Over the last decade or so, industry has realised that nothing has greater impact on a firm’s reputation, growth and profit than the way it interacts with its clients. Subsequently, and alongside the multiplication of available communication channels, client interaction is now one of the main areas of management focus as competitive advantage and differentiation are sought.
When it comes to interaction, investment managers have a distinct advantage over organisations in industries where communication is predominantly client-led, as investment managers largely control the frequency, quality, and content of most the interaction that occurs. However, this advantage is weakened when you accept that the communication that occurs between the provider and the client is not just a channel for contact, but instead actually embodies the products that are being sold.
What I mean by that is that as a sector in a service industry, the products investment managers sell are mostly intangible. Generically, they are managing risk and selling performance, or in other words, the growth of the capital that’s under their management.
Until withdrawal or transfer, the only way that clients receive this product is through their on-going interaction with the firm (they read about performance attribution, see the figures, charts and so forth) and therefore, it is crucial to ensure that the data provided in any interaction is explained and delivered in the best possible way because the communication actually is the product.
That’s a concept that some haven’t realised and it means that the quality of your communication is incredibly important. Therefore, reporting (and all client interaction) should be at the heart of your organisation.
Let’s examine the elements of the original question and how communication affects each of them in a bit more detail.
Incidents that cause reputational damage to an organisation occur all the time. Of course, they vary in severity from a momentarily disgruntled customer to significant international outrage – think Deepwater Horizon Oil spill causing BP’s share price crash and several deaths, or Volkswagen’s diesel emissions scandal that lead to a big drop in share price, legal penalties and subsequent reduction in revenue.
In Financial Services, there’s been fraud, price fixing, fake accounts, money laundering, tax evasion etc. and companies that have been implicated have also taken significant hits on their share price and reputation. Some of them no longer exist.
But aside from major events like these, there are two main and constant influences on corporate reputation. They are an individual’s past history with an organisation and the extent and type of an individual’s interaction with that organisation, both of which are inexplicably linked to the communication facilitated by the firm.
The first point I’d like to make here is that it’s a lot less expensive and cumbersome to keep a current customer than to find a new one. I know that and I suspect you do too. Keeping customers for a long time builds a revenue foundation that is more profitable and predictable than finding (and subsequently losing) them, so growth is more easily achieved through the former model. This is easier said than done. Perhaps keeping track of their satisfaction levels and adapting to suit is an answer and we’ve seen that many times, but such a process is fraught with difficulty. Survey bias, cost, the practicalities of completion, sample size etc. convert it into almost guesswork by the time you draw any potentially usable conclusions.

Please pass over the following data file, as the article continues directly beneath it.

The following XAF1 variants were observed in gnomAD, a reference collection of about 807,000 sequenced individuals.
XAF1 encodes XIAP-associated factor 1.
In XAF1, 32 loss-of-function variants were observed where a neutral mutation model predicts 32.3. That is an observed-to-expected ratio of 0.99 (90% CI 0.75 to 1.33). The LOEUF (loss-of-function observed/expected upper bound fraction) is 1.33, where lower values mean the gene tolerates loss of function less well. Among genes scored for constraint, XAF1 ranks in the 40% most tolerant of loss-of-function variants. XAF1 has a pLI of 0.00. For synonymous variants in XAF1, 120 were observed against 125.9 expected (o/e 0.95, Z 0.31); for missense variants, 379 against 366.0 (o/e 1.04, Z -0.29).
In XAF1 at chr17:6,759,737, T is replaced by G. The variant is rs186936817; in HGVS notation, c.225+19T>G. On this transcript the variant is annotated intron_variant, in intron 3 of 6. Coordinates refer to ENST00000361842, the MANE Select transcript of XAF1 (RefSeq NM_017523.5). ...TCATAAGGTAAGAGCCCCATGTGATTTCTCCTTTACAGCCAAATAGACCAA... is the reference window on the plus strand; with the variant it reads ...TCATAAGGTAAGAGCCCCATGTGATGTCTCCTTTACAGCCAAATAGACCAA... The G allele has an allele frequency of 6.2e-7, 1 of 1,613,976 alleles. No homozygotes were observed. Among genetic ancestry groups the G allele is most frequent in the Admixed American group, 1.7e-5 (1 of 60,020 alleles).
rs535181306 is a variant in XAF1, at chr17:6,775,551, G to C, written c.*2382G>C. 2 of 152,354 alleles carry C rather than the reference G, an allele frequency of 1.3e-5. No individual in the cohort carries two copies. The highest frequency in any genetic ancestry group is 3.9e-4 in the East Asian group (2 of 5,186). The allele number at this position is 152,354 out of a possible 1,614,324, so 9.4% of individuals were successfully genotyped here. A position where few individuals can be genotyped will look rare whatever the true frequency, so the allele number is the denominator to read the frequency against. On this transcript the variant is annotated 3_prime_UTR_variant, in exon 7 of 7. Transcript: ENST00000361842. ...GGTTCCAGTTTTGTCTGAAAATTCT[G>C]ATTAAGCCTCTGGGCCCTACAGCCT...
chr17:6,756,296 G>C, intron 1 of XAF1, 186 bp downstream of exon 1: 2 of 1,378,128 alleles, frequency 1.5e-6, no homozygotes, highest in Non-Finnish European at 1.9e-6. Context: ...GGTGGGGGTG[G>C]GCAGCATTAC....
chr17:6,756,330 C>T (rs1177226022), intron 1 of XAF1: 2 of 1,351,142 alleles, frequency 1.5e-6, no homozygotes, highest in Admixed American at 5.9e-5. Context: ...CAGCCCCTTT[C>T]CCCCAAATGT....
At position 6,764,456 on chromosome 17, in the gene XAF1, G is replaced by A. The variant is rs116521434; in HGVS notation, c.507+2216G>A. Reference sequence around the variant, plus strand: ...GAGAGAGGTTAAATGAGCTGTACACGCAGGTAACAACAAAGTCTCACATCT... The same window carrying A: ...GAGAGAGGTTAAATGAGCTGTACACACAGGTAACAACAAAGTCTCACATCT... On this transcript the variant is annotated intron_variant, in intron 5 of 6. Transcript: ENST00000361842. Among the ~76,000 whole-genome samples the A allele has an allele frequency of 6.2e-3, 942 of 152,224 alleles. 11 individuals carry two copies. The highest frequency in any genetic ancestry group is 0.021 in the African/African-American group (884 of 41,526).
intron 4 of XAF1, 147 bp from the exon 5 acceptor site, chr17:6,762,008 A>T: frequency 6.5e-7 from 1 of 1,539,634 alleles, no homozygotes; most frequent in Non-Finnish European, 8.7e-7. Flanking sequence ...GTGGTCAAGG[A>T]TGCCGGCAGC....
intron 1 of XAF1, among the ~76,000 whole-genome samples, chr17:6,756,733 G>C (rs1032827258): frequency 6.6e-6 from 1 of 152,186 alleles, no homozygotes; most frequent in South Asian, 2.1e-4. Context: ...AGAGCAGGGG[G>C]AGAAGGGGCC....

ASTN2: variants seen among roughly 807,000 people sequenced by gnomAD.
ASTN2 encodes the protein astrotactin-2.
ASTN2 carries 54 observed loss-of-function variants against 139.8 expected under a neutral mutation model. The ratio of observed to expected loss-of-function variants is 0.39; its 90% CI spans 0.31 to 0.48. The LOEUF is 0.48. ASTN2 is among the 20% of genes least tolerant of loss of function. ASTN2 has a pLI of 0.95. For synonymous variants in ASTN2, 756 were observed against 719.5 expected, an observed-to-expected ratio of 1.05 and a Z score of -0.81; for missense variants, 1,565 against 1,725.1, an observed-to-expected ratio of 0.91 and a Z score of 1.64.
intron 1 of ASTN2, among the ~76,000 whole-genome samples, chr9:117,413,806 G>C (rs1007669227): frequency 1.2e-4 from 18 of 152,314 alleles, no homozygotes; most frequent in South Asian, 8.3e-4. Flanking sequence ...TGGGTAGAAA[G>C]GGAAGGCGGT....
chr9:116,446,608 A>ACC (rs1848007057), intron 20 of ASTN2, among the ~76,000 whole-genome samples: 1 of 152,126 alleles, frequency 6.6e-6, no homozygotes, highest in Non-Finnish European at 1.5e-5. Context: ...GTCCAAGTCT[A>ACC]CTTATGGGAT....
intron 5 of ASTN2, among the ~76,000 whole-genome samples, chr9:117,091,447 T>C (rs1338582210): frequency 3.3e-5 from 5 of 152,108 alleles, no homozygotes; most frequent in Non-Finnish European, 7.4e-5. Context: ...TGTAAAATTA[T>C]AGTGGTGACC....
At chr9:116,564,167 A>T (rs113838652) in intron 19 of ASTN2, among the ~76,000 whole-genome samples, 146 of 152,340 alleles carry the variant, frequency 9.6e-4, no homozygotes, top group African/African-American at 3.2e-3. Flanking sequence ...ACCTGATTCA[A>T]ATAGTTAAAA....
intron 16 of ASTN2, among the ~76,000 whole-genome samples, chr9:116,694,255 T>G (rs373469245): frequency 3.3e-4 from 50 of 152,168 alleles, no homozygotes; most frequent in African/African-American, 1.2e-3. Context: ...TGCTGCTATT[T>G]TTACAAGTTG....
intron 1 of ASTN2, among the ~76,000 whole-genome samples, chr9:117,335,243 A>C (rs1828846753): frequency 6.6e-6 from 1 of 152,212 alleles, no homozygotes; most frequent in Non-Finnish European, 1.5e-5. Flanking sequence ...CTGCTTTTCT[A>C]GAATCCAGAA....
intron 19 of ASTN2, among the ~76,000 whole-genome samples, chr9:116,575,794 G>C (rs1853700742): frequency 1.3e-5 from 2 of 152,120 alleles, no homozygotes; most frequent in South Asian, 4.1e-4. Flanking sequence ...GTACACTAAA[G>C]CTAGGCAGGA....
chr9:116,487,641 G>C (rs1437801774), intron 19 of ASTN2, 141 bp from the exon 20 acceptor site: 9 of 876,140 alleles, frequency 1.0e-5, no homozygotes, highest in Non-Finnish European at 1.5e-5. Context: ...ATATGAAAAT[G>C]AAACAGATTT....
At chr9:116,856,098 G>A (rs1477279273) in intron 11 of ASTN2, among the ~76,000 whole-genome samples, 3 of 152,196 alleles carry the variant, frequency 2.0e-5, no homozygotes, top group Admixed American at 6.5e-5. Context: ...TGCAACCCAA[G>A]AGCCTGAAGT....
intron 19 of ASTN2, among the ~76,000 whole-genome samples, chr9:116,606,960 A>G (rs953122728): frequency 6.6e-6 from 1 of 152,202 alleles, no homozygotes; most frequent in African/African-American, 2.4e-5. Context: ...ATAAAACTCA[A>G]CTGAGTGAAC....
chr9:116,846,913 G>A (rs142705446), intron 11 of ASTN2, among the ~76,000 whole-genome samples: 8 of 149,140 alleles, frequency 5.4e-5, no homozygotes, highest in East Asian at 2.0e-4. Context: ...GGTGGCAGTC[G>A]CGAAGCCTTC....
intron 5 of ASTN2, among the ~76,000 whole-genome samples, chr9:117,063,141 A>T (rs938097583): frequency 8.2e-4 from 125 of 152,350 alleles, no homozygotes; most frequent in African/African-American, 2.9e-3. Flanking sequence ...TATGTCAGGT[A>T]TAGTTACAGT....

There is a simpler method that is often overlooked and also underrated and that is simply “staying connected”. It’s human instinct to favour what is already known and it’s been proven many times that clients stay when they are kept up to date and feel informed (whether news is good or bad!) and therefore, staying in touch with your clients is of paramount importance. The more authentic a relationship is, the more indispensable it becomes and a huge part of that relationship is the formal communication, and reporting facilitated and distributed by the provider.
When done right, the reporting and communication function (and / or process) can be converted from a cost-centre to a profit generator. Linked to my earlier comments on growth, the communications you produce – including reporting – are crucial in this regard.
How you report your performance, how you present fund factsheets and other information is all part of your marketing mix. They’re marketing (and advertising) tools and should be focussed on with equal, if not more vigour and tenacity as perhaps ‘throw away’ lead generation campaigns. If you treat your reports as such – and imagine them being used in a peer to peer referral that you likely desire, you then realise the power you have and what they could enable.
So, you can see how the way you act with your clients is crucial to the success of your company. Client interaction is going to build your reputation and this will feed your growth and profit. All types of communication are included in this, but client reporting is a significant part. It is marketing, it is your voice and as it’s the representation of your service, it is your product.
Reporting as a Service is cloud-based and provides a complete, scalable, flexible, and future proof client and fund reporting solution. It allows investment firms to provide reporting of the highest quality to their clients without the costs and complications that are associated with on-premise software and supported by in-house IT support teams.
To find out more about Reporting as a Service and how it benefits firms like yours, visit our website at www.opus-nebula.com and contact us personally or via firstname.lastname@example.org to arrange a meeting and see a live demonstration of the system.